Friday, September 5, 2014

The things you have to do to run a life... Sheesh!

I spent the better part of today taking a Sales Tax Law class. I found out about it late yesterday. I got out of bed at the crack of dawn and drove to Denver in the rain and traffic. I have the name tag and little pen with Colorado Department of Revenue on it to prove it.

It turns out that
(1) you actually do have to pay taxes if you want to run your own business. I was pretty sure about this, but was hoping there was a loophole I was missing.
And (2) Colorado tax law is the most complicated tax law in the entire country.
I just moved here from a state where the gross receipts tax form has ONE line you have to fill out with a total of 5 boxes. Seriously. This might be the source of my disillusionment.

I hung in there really well. I followed the presentation, I made notes on the Powerpoint handout on the little lines next to the little boxes. I squinted at the text that was too small for 42-year-old eyes to make out in the dim light of the projector, and I put my hand up unashamedly and asked a lot of questions that might have been stupid. But I am pretty sure no one else had any idea either that in the state of Colorado you are supposed to voluntarily pay what is called a Consumer Use Tax. That means when you buy something from out of state but you are going to use it in your home state of Colorado, you have to report that you bought it and pay the 2.9% sales tax that rightfully belongs to the State of Colorado because you are USING it here. I really really wanted to raise my hand with fingers wiggling and ask if ANYONE does this. I just bought a book for my niece on Amazon. Yep. Subject to Consumer Use Tax. I didn't ask. I was afraid I'd get audited immediately.

I have a hugely inflated respect for my sister today. She has successfully run a small business in Colorado for many years now and she figured this all out on her own. She rocks. Maybe if I bring her wine and cheese and free babysitting she'll decode some of it for me. I was pretty proud of myself for figuring out all of this in New Mexico. I had NO idea what kind of abuse Colorado could deliver. New Mexico is child's play compared to the Colorado tax code.

The main presenter today was a bad-ass woman named Ruth. She knew her stuff and what is more, she knew how to teach adults. She was a shining example of how to help people understand difficult things. It fell apart about halfway through when the rules just seemed too ridiculous to possibly be true. (Or perhaps my first class American University Graduate-Level Education was not good enough to comprehend the taxy-vocabularium that is the tax code--your call.) She brought in a tax examiner for the last hour of the day.

Here is a small sample of my experience with him:
Student Frank* who is starting a business selling wool children's clothing mostly online: So if I am selling a product to someone in Denver from my store in Bayfield, all I have to worry about is the state sales tax? I don't have to pay county or city tax?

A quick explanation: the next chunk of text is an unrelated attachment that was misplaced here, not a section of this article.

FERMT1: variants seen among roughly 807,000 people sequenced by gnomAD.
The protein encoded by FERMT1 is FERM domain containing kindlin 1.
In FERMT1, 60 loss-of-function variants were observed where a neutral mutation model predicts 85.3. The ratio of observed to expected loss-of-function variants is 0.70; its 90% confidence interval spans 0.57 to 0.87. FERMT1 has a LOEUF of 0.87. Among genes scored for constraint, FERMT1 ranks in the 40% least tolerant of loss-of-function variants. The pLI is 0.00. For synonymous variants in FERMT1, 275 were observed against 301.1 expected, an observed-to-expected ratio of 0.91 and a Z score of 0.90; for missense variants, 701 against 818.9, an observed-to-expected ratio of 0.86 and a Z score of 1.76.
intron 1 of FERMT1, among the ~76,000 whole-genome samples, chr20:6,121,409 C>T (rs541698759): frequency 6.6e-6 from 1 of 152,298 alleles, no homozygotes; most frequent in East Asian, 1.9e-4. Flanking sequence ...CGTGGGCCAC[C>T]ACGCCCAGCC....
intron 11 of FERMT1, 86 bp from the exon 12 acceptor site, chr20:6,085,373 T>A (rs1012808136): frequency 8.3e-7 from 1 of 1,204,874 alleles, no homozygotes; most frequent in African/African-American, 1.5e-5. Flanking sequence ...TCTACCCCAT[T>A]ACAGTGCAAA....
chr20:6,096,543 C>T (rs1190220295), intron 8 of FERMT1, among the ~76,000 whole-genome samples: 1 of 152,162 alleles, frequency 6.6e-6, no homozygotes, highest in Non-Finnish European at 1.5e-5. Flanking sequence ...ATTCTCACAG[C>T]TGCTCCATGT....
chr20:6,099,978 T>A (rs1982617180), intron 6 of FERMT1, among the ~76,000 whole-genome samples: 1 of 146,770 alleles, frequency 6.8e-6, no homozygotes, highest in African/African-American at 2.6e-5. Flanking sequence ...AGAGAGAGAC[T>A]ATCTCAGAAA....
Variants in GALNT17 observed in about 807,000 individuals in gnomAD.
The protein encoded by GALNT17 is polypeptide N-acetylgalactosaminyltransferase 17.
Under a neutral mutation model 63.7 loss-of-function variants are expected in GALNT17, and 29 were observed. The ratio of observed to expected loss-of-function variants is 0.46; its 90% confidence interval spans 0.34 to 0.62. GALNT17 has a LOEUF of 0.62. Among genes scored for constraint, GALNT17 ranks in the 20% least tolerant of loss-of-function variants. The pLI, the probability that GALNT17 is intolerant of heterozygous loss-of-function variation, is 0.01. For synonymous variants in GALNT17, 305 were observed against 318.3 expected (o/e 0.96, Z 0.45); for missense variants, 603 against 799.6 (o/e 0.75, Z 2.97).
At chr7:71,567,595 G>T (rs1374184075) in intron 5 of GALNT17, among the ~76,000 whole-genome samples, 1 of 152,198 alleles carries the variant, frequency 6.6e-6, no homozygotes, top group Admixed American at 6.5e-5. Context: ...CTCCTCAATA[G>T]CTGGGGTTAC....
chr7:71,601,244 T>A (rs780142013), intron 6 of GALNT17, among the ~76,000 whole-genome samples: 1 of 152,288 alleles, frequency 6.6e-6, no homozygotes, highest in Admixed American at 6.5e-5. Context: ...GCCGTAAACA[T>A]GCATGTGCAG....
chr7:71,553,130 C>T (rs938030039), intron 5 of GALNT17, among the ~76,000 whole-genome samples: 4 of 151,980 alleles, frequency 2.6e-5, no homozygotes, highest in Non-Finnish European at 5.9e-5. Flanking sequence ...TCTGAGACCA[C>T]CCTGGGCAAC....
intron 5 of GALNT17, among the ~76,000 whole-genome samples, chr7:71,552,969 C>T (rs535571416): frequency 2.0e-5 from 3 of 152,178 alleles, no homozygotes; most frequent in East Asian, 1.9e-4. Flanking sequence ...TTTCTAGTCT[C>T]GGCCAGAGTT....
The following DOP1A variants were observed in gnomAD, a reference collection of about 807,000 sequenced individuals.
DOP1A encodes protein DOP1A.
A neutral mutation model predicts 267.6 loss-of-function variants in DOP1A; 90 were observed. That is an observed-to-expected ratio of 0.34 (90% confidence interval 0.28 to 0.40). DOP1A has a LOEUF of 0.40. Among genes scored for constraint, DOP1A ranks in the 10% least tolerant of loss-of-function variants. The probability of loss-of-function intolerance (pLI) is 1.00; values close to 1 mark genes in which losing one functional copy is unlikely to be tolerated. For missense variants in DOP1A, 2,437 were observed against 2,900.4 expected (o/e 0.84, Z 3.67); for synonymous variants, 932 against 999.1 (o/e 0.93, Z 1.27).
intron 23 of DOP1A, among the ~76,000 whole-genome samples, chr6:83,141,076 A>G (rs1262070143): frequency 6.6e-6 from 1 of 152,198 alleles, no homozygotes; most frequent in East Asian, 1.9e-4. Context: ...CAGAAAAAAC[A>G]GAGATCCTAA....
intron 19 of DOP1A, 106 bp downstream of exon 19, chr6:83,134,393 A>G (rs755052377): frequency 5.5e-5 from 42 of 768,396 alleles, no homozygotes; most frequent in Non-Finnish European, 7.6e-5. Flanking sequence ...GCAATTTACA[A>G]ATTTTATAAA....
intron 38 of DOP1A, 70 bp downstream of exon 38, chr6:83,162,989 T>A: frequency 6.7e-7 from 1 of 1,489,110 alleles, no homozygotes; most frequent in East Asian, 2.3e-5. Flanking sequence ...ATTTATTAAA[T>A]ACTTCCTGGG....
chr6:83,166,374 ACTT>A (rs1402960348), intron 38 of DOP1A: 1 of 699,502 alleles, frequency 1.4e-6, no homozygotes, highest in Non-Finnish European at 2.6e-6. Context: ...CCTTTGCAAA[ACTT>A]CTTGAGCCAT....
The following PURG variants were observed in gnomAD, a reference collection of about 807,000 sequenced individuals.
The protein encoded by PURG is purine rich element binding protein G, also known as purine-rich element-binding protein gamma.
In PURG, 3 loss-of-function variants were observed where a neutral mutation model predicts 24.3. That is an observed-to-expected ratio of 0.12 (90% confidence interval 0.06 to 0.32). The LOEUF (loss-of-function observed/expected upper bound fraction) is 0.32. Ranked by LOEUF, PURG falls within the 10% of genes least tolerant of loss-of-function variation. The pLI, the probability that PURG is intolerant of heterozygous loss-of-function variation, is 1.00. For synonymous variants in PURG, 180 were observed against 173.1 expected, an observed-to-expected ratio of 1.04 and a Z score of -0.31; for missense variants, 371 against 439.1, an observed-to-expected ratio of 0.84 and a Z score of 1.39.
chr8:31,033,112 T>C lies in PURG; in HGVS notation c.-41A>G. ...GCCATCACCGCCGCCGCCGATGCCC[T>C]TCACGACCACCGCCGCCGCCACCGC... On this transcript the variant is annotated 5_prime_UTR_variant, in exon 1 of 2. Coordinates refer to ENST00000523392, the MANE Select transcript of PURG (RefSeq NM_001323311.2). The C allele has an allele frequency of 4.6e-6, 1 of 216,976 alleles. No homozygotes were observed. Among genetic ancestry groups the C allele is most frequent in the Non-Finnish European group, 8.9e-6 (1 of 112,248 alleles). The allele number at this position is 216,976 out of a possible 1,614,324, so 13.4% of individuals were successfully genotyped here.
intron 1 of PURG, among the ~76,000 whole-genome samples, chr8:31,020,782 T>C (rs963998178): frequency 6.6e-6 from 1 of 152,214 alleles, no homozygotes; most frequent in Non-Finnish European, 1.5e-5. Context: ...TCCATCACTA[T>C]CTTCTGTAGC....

Tax Examiner: That depends. [He said this in answer to every question.] There are the jurisdictions to consider: state, county, city, and special districts. Do you have the current DR1002? Make sure you check the scientific districts for Denver, both RTD and RTA and which county exactly are you sending the item to because it might not be Denver county and other counties have different laws. CDOR doesn't deal with the taxes due to Denver county, so you'll have to contact them about that. Also Denver is a Home Rule city and that makes a difference. Do you know if Bayfield is Home Rule also? Make sure you fill out a HD987-6372 C and file that BEFORE you get to your DR1002 and don't forget the consumer use tax which is also necessary in this case. Is it an event, because you'll need a special event license before selling there. And what it all comes down to is what are your involved jurisdictions. Remember, it is your fiduciary and statutory responsibility to pay your state taxes.

Student Ed who currently runs a service-based business doing commercial glass etching but wants to start selling products: [Sighs, looks at his hands, shifts in his seat, whimpers]

Student Ed: [Clears throat and raises his hand] Is there anyone who, um, could help us do this if, um, we aren't quite understanding how it all works right this moment? You know, just until we get up to speed?

Tax Examiner: That would be an accountant.

No one else asked any more questions. We were too flummoxed.
Without any more research I think I can safely say that being an accountant in Colorado is a lucrative profession.

I hope that I can make it through a tax cycle eventually without crying. Perhaps the one right after I find a good accountant.
*The names of the students have been changed to protect the confused tax-payer who may well not get all of this right for his first 300 filings. I'm sure 301 will be perfect. I know mine will.


  1. It's because of stupid, arcane tax laws like this that I am folding up my small business. I pay $1k to an accountant every year to sort out this mess, and more if I teach in California. I've heard it said that every man, woman and child in American breaks at least three Federal tax laws a day, making it possible to become a convicted felon just by transacting business. Crazy-making.

    1. But you are the quilting guru! I bet California has horrible tax laws though... at least I can imagine they are complicated. I do believe it is quite possible that all of us break tax laws every day. How would we even know?

  2. I know several good small business accountants if you want to know them. Use them yr 1 as a teaching / learning opportunity, then decide about yr 2!